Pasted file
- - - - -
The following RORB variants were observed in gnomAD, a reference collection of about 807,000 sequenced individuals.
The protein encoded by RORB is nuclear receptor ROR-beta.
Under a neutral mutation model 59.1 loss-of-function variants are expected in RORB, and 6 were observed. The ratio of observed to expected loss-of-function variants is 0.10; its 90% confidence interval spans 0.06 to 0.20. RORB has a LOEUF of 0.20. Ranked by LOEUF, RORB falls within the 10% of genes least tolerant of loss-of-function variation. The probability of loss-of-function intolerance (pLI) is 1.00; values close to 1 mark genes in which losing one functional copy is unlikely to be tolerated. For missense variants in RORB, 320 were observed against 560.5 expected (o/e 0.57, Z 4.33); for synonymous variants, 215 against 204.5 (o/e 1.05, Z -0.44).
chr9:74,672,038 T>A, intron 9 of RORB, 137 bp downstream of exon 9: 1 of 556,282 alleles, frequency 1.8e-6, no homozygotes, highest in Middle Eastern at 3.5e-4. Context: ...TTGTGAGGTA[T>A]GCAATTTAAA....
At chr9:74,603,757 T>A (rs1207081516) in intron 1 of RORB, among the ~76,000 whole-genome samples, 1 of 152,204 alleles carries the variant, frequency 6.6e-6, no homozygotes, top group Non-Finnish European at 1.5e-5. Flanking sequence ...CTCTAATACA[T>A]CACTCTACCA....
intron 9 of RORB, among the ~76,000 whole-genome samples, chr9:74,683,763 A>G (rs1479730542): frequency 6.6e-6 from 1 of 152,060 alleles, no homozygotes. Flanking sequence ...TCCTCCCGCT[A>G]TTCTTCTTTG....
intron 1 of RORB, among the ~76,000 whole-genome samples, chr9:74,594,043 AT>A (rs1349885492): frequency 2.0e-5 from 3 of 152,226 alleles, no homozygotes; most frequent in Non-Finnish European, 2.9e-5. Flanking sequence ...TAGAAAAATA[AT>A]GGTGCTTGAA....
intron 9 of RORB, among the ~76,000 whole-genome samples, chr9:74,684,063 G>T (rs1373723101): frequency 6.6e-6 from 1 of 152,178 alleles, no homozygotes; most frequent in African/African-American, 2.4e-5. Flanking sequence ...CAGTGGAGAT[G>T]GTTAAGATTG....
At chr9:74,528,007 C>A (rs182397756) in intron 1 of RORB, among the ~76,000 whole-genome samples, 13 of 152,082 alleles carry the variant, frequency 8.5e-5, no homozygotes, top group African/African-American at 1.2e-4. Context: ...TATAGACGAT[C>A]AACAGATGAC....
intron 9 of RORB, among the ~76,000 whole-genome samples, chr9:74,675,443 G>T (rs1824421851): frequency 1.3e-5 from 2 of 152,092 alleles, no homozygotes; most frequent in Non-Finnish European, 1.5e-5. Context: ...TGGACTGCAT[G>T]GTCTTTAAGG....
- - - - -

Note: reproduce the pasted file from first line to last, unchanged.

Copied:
The following RORB variants were observed in gnomAD, a reference collection of about 807,000 sequenced individuals.
The protein encoded by RORB is nuclear receptor ROR-beta.
Under a neutral mutation model 59.1 loss-of-function variants are expected in RORB, and 6 were observed. The ratio of observed to expected loss-of-function variants is 0.10; its 90% confidence interval spans 0.06 to 0.20. RORB has a LOEUF of 0.20. Ranked by LOEUF, RORB falls within the 10% of genes least tolerant of loss-of-function variation. The probability of loss-of-function intolerance (pLI) is 1.00; values close to 1 mark genes in which losing one functional copy is unlikely to be tolerated. For missense variants in RORB, 320 were observed against 560.5 expected (o/e 0.57, Z 4.33); for synonymous variants, 215 against 204.5 (o/e 1.05, Z -0.44).
chr9:74,672,038 T>A, intron 9 of RORB, 137 bp downstream of exon 9: 1 of 556,282 alleles, frequency 1.8e-6, no homozygotes, highest in Middle Eastern at 3.5e-4. Context: ...TTGTGAGGTA[T>A]GCAATTTAAA....
At chr9:74,603,757 T>A (rs1207081516) in intron 1 of RORB, among the ~76,000 whole-genome samples, 1 of 152,204 alleles carries the variant, frequency 6.6e-6, no homozygotes, top group Non-Finnish European at 1.5e-5. Flanking sequence ...CTCTAATACA[T>A]CACTCTACCA....
intron 9 of RORB, among the ~76,000 whole-genome samples, chr9:74,683,763 A>G (rs1479730542): frequency 6.6e-6 from 1 of 152,060 alleles, no homozygotes. Flanking sequence ...TCCTCCCGCT[A>G]TTCTTCTTTG....
intron 1 of RORB, among the ~76,000 whole-genome samples, chr9:74,594,043 AT>A (rs1349885492): frequency 2.0e-5 from 3 of 152,226 alleles, no homozygotes; most frequent in Non-Finnish European, 2.9e-5. Flanking sequence ...TAGAAAAATA[AT>A]GGTGCTTGAA....
intron 9 of RORB, among the ~76,000 whole-genome samples, chr9:74,684,063 G>T (rs1373723101): frequency 6.6e-6 from 1 of 152,178 alleles, no homozygotes; most frequent in African/African-American, 2.4e-5. Flanking sequence ...CAGTGGAGAT[G>T]GTTAAGATTG....
At chr9:74,528,007 C>A (rs182397756) in intron 1 of RORB, among the ~76,000 whole-genome samples, 13 of 152,082 alleles carry the variant, frequency 8.5e-5, no homozygotes, top group African/African-American at 1.2e-4. Context: ...TATAGACGAT[C>A]AACAGATGAC....
intron 9 of RORB, among the ~76,000 whole-genome samples, chr9:74,675,443 G>T (rs1824421851): frequency 1.3e-5 from 2 of 152,092 alleles, no homozygotes; most frequent in Non-Finnish European, 1.5e-5. Context: ...TGGACTGCAT[G>T]GTCTTTAAGG....